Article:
Since the next day was New Year’s Day, and since we spent New Year’s Eve traipsing round temples till six in the morning, we spent Day 6 doing pretty much nothing, apart from a delicious traditional meal at a tofu restaurant at the top of a different department store. Then on our last day we spent the afternoon in the Park Hyatt again, this time going up to the bar from Lost in Translation for some even more spectacular views over Tokyo (albeit surrounded by weird-looking foreigners – I don’t think there was a single Japanese person drinking there other than my wife). Then we finished our seven-day tour of Tokyo at a tempura restaurant and then far too much red wine and sake at the nearest karaoke booth.

It’s a shame they only had seven days, or I’d have taken them to see the slightly fashionable Shimokitazawa, or the less fashionable but easier to shop in Machida. But then this blog post would be even longer and more boringer. Every cloud has a silver lining, right?

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Comedy Gold in the school gym

Today, I had to be rescued from beneath a barbell.

Anyone who knows me knows I like to WORK OUT. Not because of my rippling one-pack, obviously, but because I like to tell anybody who will listen. The reason I like to WORK OUT is not because I’m self-obsessed, or because I have a thing for rippling male torsos, but because I used to be fat and it’s unhealthy to be fat.

Since coming to Japan, I have been WORKING OUT in the school gym. It’s got a few exercise benches, several barbells, a couple of dumbbells, and several poor-quality gym machines. I only ever use the dumbbells, because I WORK OUT on my own, and if you’re working out on your own it’s not really safe to use barbells in case you get stuck under one. But we’ll get on to that in a bit.

Occasionally – when it rains, for example – the gym will be full of the baseball team, which sucks because it means it’s difficult to get on the dumbbells. Usually I improvise a rubbish workout with one dumbbell, or use the poor quality multigym equipment, but it’s never very satisfying and I always leave feeling unjustifiably bitter.

More usually, however, there are just one or two other students using the gym. There are about three regulars, all of them in their third and final year at the school. Today, two of them were in the gym. One of them is in several of my classes and, as far as I can tell, has only opted to study English into his final year as a way of getting out of other, more demanding lessons. He seems to resent the fact that I’m intruding on his time/space out of lessons, and speaks to me only if I ask him if he’s finished with some equipment, and only ever in the most cursory, polite way. The other seems very sweet and always gives me a big smile, greeting me when I arrive and saying goodbye when I go. That’s probably because I don’t teach him – although I may have accidentally loudly announced, while standing next to him, that my muscles are bigger than his the other week. I can’t recall for sure. I was a little bit flustered at the time, having just been asked by one of my female students if she could touch my muscles. Consequently, my Japanese grammar and comprehension went out of the window, and I can’t really be sure what I said.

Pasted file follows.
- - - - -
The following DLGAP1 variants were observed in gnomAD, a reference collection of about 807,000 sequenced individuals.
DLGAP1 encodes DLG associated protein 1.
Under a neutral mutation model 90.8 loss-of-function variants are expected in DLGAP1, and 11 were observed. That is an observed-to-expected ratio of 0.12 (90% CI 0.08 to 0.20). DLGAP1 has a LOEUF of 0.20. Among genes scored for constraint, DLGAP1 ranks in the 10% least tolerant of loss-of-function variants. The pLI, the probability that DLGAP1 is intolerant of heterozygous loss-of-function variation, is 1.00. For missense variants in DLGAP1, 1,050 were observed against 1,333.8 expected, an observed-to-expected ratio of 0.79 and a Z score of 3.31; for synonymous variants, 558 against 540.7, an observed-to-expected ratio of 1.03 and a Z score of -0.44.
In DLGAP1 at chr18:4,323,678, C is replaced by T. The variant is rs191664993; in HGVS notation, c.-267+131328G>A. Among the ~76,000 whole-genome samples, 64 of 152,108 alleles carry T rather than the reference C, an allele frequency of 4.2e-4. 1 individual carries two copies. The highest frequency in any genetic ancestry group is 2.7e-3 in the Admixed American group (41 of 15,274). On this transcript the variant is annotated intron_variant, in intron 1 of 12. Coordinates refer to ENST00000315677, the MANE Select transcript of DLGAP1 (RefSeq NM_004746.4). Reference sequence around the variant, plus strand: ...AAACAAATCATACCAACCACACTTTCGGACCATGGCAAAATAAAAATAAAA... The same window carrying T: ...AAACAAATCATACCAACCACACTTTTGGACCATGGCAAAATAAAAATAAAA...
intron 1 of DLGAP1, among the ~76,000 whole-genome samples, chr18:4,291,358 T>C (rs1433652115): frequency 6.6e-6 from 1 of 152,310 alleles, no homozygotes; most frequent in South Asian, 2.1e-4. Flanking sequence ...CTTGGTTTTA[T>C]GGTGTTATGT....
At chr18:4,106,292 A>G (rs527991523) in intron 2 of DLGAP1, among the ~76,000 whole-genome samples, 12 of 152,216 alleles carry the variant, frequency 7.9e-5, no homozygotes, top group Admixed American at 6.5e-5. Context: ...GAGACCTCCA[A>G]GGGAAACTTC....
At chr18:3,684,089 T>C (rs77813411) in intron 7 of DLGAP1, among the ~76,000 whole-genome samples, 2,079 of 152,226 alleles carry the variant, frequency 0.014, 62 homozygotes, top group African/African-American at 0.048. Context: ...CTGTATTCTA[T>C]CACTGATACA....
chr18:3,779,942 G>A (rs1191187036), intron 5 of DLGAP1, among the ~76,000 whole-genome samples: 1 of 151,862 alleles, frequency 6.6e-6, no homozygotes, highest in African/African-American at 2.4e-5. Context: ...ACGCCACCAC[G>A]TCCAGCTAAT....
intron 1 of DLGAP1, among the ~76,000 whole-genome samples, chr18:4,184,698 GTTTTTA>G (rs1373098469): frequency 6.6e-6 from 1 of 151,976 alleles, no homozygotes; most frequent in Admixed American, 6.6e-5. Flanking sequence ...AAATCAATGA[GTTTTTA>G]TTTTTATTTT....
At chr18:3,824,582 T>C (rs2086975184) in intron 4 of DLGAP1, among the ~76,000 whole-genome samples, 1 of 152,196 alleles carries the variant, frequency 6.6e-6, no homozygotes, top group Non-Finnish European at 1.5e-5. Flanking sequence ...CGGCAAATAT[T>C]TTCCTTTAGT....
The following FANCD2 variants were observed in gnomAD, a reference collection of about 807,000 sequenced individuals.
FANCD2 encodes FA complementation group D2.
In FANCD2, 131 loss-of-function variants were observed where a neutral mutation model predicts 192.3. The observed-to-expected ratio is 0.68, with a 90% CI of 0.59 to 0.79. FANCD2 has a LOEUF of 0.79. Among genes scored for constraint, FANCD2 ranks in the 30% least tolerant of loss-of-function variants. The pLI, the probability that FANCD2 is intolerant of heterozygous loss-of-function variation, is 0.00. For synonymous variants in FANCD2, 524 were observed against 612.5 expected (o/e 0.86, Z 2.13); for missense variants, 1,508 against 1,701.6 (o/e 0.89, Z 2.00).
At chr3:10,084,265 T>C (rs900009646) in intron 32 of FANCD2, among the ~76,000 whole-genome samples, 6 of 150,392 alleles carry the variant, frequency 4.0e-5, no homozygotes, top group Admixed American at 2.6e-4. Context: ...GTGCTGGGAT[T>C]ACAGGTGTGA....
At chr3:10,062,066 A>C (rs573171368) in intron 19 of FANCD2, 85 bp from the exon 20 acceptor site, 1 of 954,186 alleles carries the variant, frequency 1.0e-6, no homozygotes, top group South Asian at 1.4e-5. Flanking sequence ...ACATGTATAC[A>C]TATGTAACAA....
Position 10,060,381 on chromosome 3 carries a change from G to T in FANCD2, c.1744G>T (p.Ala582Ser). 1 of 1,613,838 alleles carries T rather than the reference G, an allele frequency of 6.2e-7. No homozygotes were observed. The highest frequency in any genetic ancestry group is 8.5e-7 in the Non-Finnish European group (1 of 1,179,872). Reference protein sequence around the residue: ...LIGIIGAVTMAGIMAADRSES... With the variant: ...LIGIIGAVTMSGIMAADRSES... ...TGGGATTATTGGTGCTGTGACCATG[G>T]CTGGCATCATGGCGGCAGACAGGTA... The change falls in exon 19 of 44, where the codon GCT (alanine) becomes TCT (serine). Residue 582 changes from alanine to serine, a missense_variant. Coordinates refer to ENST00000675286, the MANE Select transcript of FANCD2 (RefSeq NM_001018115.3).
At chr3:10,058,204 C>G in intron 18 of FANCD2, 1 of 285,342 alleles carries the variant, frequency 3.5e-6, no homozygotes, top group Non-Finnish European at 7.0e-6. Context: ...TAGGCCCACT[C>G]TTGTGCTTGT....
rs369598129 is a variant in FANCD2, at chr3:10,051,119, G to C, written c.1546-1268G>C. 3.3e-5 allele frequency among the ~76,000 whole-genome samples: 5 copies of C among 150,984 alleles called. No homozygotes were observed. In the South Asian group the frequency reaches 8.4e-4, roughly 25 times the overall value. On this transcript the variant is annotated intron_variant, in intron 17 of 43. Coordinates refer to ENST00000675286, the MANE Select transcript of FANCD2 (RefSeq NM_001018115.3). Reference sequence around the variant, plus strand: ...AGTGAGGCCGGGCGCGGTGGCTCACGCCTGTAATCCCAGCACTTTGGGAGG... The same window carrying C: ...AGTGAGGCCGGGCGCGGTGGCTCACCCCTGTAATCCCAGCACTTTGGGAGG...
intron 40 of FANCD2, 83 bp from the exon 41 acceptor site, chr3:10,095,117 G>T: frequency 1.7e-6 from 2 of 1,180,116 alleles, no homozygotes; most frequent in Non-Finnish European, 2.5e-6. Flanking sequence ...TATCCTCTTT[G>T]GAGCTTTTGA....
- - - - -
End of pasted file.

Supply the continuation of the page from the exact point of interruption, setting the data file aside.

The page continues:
Anyway, mostly these three regulars just use the gym to improvise a game of baseball with a small broom and a ping-pong ball. Today, the two of them were working out – one of them using the dumbbells. Like I say, normally I’d just improvise an unsatisfying workout, but today I didn’t want to, because the only exercise I have engaged in for the last two or three weeks is boozing and eating too much. So, instead, I decided to use the barbell to start my WORK OUT, as always, with a chest press.

In case you don’t WORK OUT, the chest press involves lying flat on a bench, and pushing a weight up into the air – normally with someone standing over you in case you can’t lift it and get stuck under the weight. I decided that, since I didn’t want to irritate my student any more than my mere presence already had, I wouldn’t bother with someone standing over me. I’d just stop before I got too tired, and besides, I’ve seen several students lifting without someone standing over them.

Now, the thing about the chest press is that it’s probably my weakest exercise. I have lately been lifting about 50kg, about 8 or (at a real struggle) 10 times. But since I’d had spent so much time not WORKING OUT over Christmas, I resumed my regime the other day, lifting just 40kg about 15 times. Today, I decided to keep the weight at 40kg, since I’ve had a cold for the past couple of days. And I just went ahead and lifted.

It was the first time I’ve ever lifted a barbell. It felt weird! I had to lift very slowly just to keep it steady. After about eight lifts I was starting to feel tired, but I really didn’t want to admit defeat so I struggled on for a ninth lift. And I just about did it. And the other day I did 15, right? So why not try another one? So I did. And I got about half-way and had to stop. I mean, I had to. There was no way that weight was going any further. Unfortunately, the bracket where I needed to return the weight was about an inch higher than the weight. And so I pushed with all my might. I mean, I really pushed! And the next thing I knew, the barbell was resting on my face, just below my nose. And the two students were running over to help me lift it off my face. At which point I sheepishly thanked them and continued my WORKOUT, with a bit more care and a sore nose.

And that is how I came to be rescued from beneath a barbell.